First, the good news: the IMF has raised its 2013 growth forecast for Canada by 0.2 point, making it one of only three countries to get an upgrade. Now for the bad news...
First, the good news: the International Monetary Fund (IMF) has raised its 2013 forecast for Canadian growth by 0.2 percentage point to 1.7%. That makes Canada one of only three countries receiving an upgraded forecast for the year, the others being Japan and the UK.
Now the bad news: the Fund has cut its 2014 Canada forecast by a 0.2 percentage point to 2.2%. Further, it has cut its 2013 forecasts for almost every country and regional bloc, maintaining unchanged forecasts for Spain and Eastern Europe and upgrading the previously mentioned trio.
In its quarterly World Economic Outlook, the Fund cut its global growth forecast by 0.2 percentage point for both 2013 and 2014 to 3.1% and 3.8%, respectively. The cuts are hardly apocalyptic, say observers. Essentially, the 3.1% estimate would be the same as the actual rate for 2012, but they do indicate lower returns from global markets.
The Fund said the downward revisions were largely driven by appreciably weaker domestic demand and slower growth in several key emerging markets and a more protracted recession in the euro area.
“Downside risks to global growth prospects still dominate," the IMF said in its summary. "While old risks remain, new risks have emerged, including the possibility of a longer growth slowdown in emerging market economies, especially given risks of lower potential growth, slowing credit, and possibly tighter financial conditions if the anticipated unwinding of monetary policy stimulus in the United States leads to sustained capital flow reversals.”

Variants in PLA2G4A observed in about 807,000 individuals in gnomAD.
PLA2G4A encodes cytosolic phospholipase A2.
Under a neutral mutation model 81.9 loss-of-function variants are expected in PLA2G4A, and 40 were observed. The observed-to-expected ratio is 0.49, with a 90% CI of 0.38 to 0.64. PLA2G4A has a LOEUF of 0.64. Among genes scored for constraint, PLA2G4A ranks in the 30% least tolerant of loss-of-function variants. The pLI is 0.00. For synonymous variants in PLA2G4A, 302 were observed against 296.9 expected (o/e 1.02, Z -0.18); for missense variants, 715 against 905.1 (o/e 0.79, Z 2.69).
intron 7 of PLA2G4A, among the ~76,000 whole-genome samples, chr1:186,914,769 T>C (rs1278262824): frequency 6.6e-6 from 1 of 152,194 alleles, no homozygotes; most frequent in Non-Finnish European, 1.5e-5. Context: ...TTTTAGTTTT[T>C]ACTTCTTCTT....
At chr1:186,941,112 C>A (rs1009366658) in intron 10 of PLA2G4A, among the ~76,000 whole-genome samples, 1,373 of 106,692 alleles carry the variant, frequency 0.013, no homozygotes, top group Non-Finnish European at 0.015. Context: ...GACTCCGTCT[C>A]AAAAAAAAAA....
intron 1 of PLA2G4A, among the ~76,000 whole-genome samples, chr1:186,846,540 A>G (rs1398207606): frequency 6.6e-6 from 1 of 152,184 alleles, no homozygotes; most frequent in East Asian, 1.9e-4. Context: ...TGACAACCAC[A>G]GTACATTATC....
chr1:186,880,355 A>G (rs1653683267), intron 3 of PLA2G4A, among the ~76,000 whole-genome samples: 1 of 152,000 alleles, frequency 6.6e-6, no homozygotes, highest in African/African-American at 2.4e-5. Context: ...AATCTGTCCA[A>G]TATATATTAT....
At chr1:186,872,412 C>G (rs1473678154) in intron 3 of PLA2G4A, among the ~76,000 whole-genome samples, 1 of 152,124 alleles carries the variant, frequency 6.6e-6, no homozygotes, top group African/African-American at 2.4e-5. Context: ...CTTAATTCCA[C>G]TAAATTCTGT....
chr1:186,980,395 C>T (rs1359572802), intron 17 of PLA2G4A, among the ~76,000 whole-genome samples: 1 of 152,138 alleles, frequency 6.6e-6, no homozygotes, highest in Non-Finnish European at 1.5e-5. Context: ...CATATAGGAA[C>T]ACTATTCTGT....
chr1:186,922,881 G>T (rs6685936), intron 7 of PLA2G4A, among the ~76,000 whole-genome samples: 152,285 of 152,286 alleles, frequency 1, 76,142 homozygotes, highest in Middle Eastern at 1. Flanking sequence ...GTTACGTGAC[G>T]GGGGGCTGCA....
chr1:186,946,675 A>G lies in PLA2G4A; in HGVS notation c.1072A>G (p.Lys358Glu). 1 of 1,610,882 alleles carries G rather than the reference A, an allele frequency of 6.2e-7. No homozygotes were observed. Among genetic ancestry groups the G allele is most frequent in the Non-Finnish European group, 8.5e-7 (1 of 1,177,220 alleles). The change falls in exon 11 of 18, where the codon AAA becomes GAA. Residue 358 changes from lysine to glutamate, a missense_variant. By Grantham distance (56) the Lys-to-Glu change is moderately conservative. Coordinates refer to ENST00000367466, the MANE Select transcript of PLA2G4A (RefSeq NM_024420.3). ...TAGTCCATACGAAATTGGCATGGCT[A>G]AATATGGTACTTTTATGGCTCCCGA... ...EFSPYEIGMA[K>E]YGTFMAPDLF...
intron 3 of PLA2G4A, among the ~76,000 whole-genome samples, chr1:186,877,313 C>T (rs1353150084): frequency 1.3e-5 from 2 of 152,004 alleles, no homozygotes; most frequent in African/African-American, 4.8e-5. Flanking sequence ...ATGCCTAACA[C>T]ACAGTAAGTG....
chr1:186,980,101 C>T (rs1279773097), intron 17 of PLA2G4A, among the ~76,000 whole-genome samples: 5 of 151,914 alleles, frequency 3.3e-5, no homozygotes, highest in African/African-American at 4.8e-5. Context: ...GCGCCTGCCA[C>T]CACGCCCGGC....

The IMF cut its US growth forecast by 0.1 point to 1.75% percent in 2013 and by 0.2 point to 2.75% in 2014. The cuts were partly due to the new assumption that the sequester will remain in place until 2014.
In Japan, growth will average 2% in 2013, a 0.5 point increase of the earlier projection, but will moderate to about 1.75% percent in 2014, a 0.3 point cut.
The Fund expects the euro area to remain in recession in 2013, with activity contracting by more than 0.5% percent, while it sees growth at 0.9% percent in 2014, reductions of 0.2 and 0.1 point respectively.
The Fund has also cut its forecasts for developing markets by 0.3 point in 2013 to 5% and by 0.3 point in 2014 to 5.4%, Forecasts for all emerging markets save for Eastern Europe have been cut for 2013 with the sharpest reductions being in the forecast for Russia, down 0.9 point at 2.5%, and South Africa, cut 0.8 point to 2%.